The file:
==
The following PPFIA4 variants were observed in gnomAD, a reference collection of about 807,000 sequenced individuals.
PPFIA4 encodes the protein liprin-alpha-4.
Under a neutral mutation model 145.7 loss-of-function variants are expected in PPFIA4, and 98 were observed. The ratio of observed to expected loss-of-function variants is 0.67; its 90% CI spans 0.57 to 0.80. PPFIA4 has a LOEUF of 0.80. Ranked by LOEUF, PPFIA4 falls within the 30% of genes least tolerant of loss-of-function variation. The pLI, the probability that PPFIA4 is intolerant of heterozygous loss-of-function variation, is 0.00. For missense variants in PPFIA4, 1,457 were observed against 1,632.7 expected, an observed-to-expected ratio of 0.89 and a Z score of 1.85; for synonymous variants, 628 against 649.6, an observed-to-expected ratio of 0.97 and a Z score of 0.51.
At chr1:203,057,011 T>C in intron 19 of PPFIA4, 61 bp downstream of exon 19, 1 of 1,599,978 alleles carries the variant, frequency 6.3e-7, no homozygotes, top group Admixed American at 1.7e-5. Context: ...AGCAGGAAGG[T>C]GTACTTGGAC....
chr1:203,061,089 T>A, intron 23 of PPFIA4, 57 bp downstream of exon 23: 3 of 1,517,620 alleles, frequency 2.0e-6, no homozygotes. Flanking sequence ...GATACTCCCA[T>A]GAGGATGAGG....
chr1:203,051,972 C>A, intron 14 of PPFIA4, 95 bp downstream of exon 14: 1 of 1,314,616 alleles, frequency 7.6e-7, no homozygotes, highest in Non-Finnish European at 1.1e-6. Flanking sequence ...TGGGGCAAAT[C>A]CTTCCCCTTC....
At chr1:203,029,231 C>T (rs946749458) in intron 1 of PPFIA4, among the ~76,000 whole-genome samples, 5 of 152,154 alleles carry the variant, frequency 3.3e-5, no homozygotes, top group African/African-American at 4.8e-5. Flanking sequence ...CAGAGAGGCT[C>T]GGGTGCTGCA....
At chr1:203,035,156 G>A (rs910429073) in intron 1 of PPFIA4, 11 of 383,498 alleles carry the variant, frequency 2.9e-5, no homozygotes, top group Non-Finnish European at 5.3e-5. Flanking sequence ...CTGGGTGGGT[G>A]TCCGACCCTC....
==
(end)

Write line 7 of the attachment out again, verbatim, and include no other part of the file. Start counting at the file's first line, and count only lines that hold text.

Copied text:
At chr1:203,029,231 C>T (rs946749458) in intron 1 of PPFIA4, among the ~76,000 whole-genome samples, 5 of 152,154 alleles carry the variant, frequency 3.3e-5, no homozygotes, top group African/African-American at 4.8e-5. Flanking sequence ...CAGAGAGGCT[C>T]GGGTGCTGCA....